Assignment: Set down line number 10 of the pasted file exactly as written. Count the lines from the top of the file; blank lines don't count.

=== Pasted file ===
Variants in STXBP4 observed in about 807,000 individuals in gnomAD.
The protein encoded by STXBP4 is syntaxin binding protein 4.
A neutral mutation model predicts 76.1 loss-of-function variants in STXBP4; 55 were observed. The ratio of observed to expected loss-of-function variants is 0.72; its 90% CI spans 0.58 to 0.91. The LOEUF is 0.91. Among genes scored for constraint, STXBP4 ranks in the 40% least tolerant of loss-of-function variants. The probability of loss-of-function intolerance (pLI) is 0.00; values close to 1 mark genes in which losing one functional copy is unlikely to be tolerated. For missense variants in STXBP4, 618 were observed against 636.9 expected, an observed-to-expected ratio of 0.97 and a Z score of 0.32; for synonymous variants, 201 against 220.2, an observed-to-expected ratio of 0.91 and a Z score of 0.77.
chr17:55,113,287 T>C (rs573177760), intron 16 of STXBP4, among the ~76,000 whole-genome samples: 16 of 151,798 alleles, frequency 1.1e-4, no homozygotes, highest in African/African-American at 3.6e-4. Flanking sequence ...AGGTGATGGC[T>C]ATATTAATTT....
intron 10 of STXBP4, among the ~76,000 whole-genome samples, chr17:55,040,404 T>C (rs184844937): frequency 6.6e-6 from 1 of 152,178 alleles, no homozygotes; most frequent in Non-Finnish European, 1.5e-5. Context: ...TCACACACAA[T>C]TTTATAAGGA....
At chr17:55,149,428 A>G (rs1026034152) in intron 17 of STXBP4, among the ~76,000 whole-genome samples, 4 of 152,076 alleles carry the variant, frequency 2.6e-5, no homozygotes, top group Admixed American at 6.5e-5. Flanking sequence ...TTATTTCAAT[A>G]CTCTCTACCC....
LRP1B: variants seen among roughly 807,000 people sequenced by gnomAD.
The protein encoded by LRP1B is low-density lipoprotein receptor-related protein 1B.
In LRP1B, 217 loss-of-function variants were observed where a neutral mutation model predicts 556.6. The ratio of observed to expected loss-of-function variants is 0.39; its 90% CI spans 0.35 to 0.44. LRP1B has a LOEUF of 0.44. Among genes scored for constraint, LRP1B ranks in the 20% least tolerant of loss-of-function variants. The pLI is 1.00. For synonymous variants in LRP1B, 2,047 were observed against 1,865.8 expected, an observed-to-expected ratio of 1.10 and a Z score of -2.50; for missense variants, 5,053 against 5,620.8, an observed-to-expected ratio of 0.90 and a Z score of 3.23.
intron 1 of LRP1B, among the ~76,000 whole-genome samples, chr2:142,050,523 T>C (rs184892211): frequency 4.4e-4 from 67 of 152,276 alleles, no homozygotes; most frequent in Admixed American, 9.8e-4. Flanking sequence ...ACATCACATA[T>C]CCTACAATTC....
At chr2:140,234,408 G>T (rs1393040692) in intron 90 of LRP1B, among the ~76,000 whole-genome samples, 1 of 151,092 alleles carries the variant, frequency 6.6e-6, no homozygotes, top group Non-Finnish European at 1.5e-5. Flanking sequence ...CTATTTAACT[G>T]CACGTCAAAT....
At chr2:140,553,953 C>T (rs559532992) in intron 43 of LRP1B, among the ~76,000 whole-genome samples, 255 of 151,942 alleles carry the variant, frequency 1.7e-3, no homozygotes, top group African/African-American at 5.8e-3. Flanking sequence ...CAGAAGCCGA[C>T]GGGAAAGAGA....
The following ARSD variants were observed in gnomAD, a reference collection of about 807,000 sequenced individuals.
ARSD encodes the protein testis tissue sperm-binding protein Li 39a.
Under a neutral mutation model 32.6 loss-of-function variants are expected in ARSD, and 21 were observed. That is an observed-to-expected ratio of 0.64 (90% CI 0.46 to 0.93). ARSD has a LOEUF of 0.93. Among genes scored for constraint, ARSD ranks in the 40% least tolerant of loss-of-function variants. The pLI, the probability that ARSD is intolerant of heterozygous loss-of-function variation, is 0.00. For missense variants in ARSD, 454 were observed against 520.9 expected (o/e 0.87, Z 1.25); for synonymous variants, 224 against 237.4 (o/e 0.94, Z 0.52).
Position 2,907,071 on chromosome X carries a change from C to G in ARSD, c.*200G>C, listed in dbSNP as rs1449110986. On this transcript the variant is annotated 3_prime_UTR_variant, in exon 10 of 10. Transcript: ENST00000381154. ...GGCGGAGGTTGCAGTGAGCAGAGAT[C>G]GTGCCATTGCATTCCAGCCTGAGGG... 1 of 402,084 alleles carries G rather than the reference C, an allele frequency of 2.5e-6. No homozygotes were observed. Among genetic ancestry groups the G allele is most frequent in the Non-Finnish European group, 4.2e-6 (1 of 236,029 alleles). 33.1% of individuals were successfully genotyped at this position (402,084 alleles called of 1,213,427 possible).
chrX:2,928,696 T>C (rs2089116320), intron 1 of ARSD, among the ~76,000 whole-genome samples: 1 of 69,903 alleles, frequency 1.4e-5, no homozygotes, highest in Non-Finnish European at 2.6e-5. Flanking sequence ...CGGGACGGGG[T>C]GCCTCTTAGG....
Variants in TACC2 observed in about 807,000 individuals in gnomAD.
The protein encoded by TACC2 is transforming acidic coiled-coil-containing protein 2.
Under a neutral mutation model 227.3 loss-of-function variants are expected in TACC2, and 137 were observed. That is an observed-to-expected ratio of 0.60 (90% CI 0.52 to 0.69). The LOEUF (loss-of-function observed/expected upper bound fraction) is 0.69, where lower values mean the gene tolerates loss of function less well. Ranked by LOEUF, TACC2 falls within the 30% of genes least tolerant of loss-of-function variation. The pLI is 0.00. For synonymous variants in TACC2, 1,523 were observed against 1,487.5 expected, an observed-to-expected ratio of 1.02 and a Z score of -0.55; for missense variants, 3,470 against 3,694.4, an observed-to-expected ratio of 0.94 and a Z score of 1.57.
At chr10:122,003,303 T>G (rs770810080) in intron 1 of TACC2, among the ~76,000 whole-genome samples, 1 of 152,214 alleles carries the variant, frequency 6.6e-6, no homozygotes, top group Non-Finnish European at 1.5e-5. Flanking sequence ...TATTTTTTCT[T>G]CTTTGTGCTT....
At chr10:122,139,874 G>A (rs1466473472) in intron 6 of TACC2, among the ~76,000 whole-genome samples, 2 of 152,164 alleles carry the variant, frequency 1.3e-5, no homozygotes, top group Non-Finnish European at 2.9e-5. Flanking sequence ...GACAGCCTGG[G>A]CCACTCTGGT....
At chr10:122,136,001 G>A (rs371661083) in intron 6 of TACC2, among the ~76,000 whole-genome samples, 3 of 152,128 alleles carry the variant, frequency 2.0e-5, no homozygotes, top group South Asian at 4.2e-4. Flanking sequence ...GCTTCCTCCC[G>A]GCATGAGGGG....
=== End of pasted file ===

intron 1 of LRP1B, among the ~76,000 whole-genome samples, chr2:142,050,523 T>C (rs184892211): frequency 4.4e-4 from 67 of 152,276 alleles, no homozygotes; most frequent in Admixed American, 9.8e-4. Flanking sequence ...ACATCACATA[T>C]CCTACAATTC....